2015 AG Institute in Utah: Day 3

Day four of the 2015 AG Institute has just ended!! As with the intro post for this conference I am a bit delayed getting this post up, and so this post will only cover things through Day 3 (Wed, July 16)  of the conference. Day 4 and beyond will be covered in a future post.

Day 3 was sort of a rest day and so there were no lectures in the afternoon. I spent much of this time starting to explore Salt Lake City. First I tried to hike up a small hill located behind the dorms. (It looks like it would give  a great view of the city.) However, the trail I wanted to hike was closed :/

It would have been so much better from the top.

Salt Lake from head of the trail

 

So instead of hiking I ended up exploring campus and a bit of the city. Didn’t end up seeing to much, but I did see Ute Stadium and what I think is the 2002 Olympic torch!

Where the reign of Harbaugh will begin!

Where the reign of Harbaugh will begin!

The University of Utah campus is completely dry (see the post-script for more about this) and where we are staying is fairly far away so the first few days of the conference saw little of the usual night time conference socialization. However, someone discovered the Marriott near campus has a bar, and so there was an invasion of mathematicians.

Finally, a quite rundown of a few of the cooler things I have heard/learned so far — this is in no way an exhaustive list. Disclaimer: All of this is based on the talks I’ve seen this week and I do not understand much of it. Any errors are due to me and not the speakers :

  • Green-Lazarsfeld Secant Conjecture (Gavril Farkas): The Green-Lazarsfeld Secant (GLS) conjecture is a generalization of Green’s conjecture concerning the syzygies of a curve. The set up for the conjecture is as follows: we have a smooth projective curve C of genus g and a very ample line bundle L on C. Now |L| determines an embedding of C into \mathbb{P}^n where n= \text{deg}(L)-g. We let S_C be the homogenous coordinate ring of C with respect to this embedding and S the homogenous coordinate ring of the ambient space i.e. the polynomial ring. (Remember S_C is really really dependent on L.) Now one way to study S, and so study C, is by looking at its minimal free resolution, and the associated Betti numbers. (If F_{\cdot}\rightarrow S\rightarrow 0 is a free resolution then each $F_i$ is free and so is of the form S(-j)^{b_{ij}} were S(-j) is S with its grading twisted down by j. Recall this is a resolution as graded modules so we need our maps to respect the grading hence the twisting. These b_{ij} are called the Betti numbers of S_X.) The general idea behind the (GLS) conjecture is that these the level of ampleness of L restrain these $b_{ij}$. Explicitly (as presented here) the GLS conjecture says:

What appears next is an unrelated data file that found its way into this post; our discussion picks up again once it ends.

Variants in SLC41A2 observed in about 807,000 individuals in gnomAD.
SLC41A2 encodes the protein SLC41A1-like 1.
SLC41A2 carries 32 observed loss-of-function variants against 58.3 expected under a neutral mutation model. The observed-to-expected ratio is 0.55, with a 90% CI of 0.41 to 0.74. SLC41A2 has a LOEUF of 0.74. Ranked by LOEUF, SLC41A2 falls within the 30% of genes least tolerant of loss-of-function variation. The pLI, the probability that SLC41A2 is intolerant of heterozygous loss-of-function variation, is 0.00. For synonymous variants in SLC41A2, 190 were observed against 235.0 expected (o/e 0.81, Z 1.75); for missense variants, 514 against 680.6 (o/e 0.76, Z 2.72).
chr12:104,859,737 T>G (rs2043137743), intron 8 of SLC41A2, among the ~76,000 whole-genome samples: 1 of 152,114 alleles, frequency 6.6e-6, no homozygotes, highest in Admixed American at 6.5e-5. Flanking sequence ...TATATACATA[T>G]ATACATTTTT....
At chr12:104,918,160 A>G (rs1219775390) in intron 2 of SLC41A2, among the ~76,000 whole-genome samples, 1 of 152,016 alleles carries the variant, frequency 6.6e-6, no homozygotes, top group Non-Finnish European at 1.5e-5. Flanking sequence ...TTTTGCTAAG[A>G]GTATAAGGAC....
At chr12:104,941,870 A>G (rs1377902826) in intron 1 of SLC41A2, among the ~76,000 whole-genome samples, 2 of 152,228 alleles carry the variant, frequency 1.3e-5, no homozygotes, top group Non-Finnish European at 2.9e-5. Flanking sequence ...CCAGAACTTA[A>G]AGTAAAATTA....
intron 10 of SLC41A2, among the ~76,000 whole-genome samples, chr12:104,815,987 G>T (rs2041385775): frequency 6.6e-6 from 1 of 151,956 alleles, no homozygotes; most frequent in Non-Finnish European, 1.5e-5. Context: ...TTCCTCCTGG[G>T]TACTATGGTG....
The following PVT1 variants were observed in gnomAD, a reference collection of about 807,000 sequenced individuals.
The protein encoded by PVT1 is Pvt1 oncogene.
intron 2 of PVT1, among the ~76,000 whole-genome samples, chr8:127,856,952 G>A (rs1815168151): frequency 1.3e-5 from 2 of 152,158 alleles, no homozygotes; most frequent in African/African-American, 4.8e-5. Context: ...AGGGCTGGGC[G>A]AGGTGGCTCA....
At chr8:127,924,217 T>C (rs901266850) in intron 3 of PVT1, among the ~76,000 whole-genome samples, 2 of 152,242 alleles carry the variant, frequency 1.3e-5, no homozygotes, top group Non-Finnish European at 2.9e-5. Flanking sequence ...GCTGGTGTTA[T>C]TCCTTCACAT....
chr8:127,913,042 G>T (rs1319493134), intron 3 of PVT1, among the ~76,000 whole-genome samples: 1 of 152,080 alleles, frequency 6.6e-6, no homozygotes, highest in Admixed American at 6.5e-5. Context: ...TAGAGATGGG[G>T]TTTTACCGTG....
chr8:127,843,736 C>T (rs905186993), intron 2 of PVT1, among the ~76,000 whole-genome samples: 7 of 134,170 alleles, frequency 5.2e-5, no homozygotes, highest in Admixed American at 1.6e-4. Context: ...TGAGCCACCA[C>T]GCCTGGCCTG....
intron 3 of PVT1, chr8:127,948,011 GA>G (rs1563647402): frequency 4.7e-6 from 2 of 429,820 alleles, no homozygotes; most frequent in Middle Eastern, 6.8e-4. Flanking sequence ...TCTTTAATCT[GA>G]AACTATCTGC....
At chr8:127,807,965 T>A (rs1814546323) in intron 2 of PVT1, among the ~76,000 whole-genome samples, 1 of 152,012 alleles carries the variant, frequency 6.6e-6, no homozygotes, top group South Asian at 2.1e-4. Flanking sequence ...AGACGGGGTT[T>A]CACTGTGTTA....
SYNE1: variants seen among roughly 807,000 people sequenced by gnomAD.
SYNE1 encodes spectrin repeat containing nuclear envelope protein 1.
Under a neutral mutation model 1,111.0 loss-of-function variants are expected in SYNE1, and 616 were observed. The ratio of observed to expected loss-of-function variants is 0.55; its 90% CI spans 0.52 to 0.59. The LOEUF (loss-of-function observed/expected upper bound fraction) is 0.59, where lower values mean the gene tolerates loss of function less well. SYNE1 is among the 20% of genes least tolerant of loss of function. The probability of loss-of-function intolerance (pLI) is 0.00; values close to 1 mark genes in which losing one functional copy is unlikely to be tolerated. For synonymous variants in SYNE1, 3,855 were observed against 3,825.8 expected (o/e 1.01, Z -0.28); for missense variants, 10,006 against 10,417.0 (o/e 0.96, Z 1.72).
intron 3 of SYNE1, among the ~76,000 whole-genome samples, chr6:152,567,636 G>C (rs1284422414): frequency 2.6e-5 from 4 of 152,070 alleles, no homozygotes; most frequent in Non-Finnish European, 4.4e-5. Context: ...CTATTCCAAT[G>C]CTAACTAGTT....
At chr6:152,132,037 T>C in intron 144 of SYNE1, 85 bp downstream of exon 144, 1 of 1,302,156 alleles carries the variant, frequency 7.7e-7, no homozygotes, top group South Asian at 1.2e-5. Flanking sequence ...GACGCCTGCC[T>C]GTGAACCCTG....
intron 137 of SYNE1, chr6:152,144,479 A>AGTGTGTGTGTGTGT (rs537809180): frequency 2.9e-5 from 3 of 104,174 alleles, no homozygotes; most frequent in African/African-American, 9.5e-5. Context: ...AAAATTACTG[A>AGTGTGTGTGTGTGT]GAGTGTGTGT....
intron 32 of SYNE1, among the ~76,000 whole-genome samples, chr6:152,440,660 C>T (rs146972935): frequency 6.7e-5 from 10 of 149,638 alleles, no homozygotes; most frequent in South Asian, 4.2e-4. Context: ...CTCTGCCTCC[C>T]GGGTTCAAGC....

Conjecture (GLS): Let C is a smooth projective curve of genus g and L be a globally generated line bundle of degree d on C such that
    d\geq 2g+p+1-2h^1(C, L)-\text{Cliff}(C)
    then L fails N_p if and only if L is not (p+1)-very ample.

    Certainly this conjecture is a mouthful, but my understanding is that it basically boils down to the idea that if L has a very very large degree then ampleness of L determines when the Betti numbers start to vanish. Note the conjecture gets its name because the condition that L is not (p+1)-very ample is equivalent to saying the embedding of C induced by |L| has a (p+2)-secant $\latex p$-plane. (Not sure exactly why…) Regardless the big point of the talk was the following theorem:

    Theorem (Farkas-Kemeny): The GLS conjecture holds for a general curve and general line bundle.

    Note the GLS conjecture is a generalization of Green’s conjecture for canonically embedded curves, which Claire Voisin proved was true for general curves about 8 years ago. My understanding of the proof is that satisfying the GLS conjecture is an open condition (not sure why…) in a moduli space (not sure precisely which…) hence to prove it for a general curve it suffices to cook up examples of the theorem. Farkas and his co-author Michael Kemeny have recently managed to do this!! I did not follow there exact constructs, but somehow utilize K3 surfaces — I think Voisin’s work also goes via a similar route. This is a talk I really want to understand better, and would like to know more about the general area.

  • Groups of Birational Transforms (Serge Cantat): Serge Cantat has given a series of great talks discussing the complexity of the group \text{Bir}(V) of birational transformations of a variety V. The general theme of this has been that as \text{dim} V gets larger the complexity of \text{Bir}(V) increases. Cantat has presented many different incarnations of the this general idea, but one example I find particularly interesting is the following theorem:

    Theorem (Cantat-Xie): If \Gamma\subset \text{SL}_n(\mathbb{Z}) is a finite index subgroup with n\geq3 and V is a complex projective variety (irreducible) then if \Gamma embeds into \text{Bir}(V) then $\text{dim}(V)\geq n-1$. Moreover in the case of equality V is rational and \Gamma acts via conjugation by regular automorphisms.